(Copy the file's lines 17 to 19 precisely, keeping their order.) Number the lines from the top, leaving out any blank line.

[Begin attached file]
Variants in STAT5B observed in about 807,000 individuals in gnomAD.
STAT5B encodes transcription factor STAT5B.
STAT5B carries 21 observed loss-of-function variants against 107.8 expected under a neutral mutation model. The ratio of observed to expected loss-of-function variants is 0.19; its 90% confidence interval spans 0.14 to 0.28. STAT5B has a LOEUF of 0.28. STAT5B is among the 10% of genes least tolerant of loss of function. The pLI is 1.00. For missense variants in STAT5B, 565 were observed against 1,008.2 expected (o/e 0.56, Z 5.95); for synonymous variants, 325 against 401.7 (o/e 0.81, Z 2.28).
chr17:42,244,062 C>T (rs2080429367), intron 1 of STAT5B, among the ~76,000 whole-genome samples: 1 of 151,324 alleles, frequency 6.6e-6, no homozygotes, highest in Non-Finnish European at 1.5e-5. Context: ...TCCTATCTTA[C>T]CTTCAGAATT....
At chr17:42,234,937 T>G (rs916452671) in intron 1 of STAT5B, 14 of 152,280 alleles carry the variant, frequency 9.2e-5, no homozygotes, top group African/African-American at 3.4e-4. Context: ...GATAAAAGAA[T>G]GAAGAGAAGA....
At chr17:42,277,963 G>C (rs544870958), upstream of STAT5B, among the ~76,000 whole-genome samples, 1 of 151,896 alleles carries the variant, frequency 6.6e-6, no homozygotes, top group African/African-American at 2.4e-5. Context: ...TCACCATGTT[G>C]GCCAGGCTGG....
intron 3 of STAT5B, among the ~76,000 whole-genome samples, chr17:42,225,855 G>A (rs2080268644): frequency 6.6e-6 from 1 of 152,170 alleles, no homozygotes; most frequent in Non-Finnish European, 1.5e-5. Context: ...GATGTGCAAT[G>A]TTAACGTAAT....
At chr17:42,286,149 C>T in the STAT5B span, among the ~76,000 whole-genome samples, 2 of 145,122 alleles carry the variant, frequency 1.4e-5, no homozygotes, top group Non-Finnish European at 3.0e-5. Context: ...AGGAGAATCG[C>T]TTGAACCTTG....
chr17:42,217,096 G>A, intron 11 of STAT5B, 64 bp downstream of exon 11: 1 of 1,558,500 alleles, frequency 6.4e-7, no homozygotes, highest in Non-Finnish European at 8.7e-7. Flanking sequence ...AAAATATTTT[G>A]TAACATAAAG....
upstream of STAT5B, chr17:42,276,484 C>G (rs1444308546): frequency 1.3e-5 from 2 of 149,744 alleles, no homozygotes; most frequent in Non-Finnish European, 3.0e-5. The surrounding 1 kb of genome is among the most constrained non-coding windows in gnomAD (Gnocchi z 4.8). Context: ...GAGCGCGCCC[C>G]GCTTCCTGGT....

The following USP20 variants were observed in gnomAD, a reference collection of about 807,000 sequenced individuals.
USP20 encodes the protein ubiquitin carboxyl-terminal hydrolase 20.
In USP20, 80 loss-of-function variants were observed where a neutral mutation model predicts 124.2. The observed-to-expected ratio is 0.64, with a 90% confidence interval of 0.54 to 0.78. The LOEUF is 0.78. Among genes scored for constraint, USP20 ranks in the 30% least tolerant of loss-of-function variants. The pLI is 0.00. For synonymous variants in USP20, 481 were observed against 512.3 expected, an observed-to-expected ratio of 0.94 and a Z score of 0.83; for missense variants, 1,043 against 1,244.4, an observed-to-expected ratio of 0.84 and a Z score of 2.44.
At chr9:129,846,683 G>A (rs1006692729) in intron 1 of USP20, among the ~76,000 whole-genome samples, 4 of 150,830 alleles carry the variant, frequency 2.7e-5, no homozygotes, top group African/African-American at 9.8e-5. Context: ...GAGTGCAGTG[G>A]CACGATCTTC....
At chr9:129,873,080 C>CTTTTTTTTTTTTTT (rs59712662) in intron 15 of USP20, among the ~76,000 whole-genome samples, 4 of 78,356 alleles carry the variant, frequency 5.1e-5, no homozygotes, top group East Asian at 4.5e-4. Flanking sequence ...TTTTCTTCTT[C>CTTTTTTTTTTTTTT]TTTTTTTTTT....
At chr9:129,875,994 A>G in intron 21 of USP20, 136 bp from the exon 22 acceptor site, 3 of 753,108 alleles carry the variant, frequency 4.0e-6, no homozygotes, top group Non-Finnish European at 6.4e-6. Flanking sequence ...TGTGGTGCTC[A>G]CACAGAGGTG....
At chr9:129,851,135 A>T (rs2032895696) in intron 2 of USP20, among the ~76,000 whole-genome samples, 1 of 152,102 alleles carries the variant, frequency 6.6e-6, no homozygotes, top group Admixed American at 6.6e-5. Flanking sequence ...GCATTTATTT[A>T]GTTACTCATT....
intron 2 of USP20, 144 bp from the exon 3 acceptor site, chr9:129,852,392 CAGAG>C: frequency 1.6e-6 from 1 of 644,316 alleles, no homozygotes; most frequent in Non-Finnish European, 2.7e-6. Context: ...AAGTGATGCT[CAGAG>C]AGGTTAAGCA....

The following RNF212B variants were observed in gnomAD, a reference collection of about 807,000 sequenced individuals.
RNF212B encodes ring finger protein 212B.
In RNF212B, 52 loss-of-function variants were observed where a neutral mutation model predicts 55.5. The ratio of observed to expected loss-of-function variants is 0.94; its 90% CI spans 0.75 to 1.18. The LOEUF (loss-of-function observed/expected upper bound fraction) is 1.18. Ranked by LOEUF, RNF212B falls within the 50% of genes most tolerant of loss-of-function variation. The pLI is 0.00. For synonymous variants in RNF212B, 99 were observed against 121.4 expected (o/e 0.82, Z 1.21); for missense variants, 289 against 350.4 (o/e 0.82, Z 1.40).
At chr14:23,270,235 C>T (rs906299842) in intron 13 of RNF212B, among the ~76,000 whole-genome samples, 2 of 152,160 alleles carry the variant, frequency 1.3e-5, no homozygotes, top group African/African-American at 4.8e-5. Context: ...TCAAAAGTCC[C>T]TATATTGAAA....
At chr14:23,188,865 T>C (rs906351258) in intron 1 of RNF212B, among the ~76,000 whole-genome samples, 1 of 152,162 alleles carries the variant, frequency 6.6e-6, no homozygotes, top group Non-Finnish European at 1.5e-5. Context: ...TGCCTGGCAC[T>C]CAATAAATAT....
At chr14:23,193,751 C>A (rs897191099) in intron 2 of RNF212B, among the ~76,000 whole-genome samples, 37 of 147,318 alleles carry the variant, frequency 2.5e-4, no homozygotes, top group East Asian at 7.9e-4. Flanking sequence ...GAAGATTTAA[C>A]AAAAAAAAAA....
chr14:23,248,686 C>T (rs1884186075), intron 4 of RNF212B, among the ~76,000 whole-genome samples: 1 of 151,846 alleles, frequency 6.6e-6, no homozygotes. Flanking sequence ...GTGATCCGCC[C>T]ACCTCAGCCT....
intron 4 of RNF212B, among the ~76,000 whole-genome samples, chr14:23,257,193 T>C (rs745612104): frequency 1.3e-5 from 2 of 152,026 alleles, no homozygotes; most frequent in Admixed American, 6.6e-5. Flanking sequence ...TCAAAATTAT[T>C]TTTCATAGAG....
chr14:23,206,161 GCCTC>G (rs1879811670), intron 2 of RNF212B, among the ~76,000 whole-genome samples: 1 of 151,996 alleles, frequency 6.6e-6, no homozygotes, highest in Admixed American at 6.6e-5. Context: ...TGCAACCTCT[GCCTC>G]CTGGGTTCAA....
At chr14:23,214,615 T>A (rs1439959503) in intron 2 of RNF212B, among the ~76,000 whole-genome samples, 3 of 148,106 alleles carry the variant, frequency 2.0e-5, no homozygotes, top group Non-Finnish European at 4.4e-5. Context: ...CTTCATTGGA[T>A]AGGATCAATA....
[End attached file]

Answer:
At chr9:129,851,135 A>T (rs2032895696) in intron 2 of USP20, among the ~76,000 whole-genome samples, 1 of 152,102 alleles carries the variant, frequency 6.6e-6, no homozygotes, top group Admixed American at 6.6e-5. Flanking sequence ...GCATTTATTT[A>T]GTTACTCATT....
intron 2 of USP20, 144 bp from the exon 3 acceptor site, chr9:129,852,392 CAGAG>C: frequency 1.6e-6 from 1 of 644,316 alleles, no homozygotes; most frequent in Non-Finnish European, 2.7e-6. Context: ...AAGTGATGCT[CAGAG>C]AGGTTAAGCA....

The following RNF212B variants were observed in gnomAD, a reference collection of about 807,000 sequenced individuals.